How can anthropology — the study of human cultures — teach us to build richer and more convincing worlds for our stories? What questions do we need to ask of our characters and settings to bring them alive? Michael Kilman talks about how anthropology can help with world-building in this episode.
In the intro, the late Sue Grafton's books licensed for film and TV even though she stated otherwise before she died [BookRiot]; Tina Turner sells IP rights [The Guardian]; Estate planning for authors; NaNoWriMo Storybundle; Pics from my St Cuthbert's Way walk on Instagram and Facebook; Relaxed Author interviews – 6 Figure Author and The Indy Author; Focus on your strengths [Ask ALLi]
Today's show is sponsored by IngramSpark, which I use to print and distribute my print-on-demand books to 39,000+ retailers including independent bookstores, schools and universities, libraries and more. It's your content – do more with it through IngramSpark.com.
Michael Kilman is an anthropologist, filmmaker, artist, science fiction author, and musician. Today we're talking about Build Better Worlds: An Introduction to Anthropology for Game Designers, Fiction Writers, and Filmmakers, co-written with Kyra Wellstrom.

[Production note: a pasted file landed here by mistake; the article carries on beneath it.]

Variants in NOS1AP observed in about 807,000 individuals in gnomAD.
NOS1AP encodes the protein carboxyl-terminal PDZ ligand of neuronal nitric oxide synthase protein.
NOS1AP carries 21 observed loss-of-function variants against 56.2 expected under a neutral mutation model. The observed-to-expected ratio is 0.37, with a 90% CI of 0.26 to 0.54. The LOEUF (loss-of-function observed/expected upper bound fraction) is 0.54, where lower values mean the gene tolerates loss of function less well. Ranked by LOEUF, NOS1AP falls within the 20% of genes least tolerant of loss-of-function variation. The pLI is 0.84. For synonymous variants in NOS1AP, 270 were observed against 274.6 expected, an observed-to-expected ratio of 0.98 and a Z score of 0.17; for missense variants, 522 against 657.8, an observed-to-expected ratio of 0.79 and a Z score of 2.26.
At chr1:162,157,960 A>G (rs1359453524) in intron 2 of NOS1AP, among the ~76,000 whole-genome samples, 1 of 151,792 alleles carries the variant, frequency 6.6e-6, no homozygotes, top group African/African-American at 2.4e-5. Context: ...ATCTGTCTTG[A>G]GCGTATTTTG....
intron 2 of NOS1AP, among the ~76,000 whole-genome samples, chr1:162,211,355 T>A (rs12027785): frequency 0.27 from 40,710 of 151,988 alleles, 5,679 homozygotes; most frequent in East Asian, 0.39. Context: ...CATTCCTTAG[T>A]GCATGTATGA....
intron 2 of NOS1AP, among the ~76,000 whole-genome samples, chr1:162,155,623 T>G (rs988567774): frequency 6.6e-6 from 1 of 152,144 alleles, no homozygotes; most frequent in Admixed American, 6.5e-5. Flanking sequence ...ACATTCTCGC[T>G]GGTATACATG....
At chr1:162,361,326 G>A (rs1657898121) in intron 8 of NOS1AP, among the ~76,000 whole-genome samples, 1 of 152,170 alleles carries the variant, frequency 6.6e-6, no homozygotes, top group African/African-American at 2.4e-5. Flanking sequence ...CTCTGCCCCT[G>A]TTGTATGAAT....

You can listen above or on your favorite podcast app or read the notes and links below. Here are the highlights and the full transcript is below.
- How knowing even a little bit about anthropology can support fictional world-building
- How artifacts reflect what matters to a society
- Important features of urban anthropology
- Cautions about info-dumping when describing a world you’ve built
- Thinking of cultures in terms of how the pieces work together to form a cohesive whole
- Writing about different cultures without straying into cultural appropriation
You can find Michael Kilman at LoridiansLaboratory.com and on Twitter @LoridiansLab
Transcript of the Interview with Michael Kilman
Joanna: Michael Kilman is an anthropologist, filmmaker, artist, science fiction author, and musician. Today we're talking about Build Better Worlds: An Introduction to Anthropology for Game Designers, Fiction Writers, and Filmmakers, co-written with Kyra Wellstrom. Welcome, Michael.
Michael: Hi. Nice to be on the show.
Joanna: It's good to have you here.
Tell us a bit more about you and your background and how you got into anthropology and writing.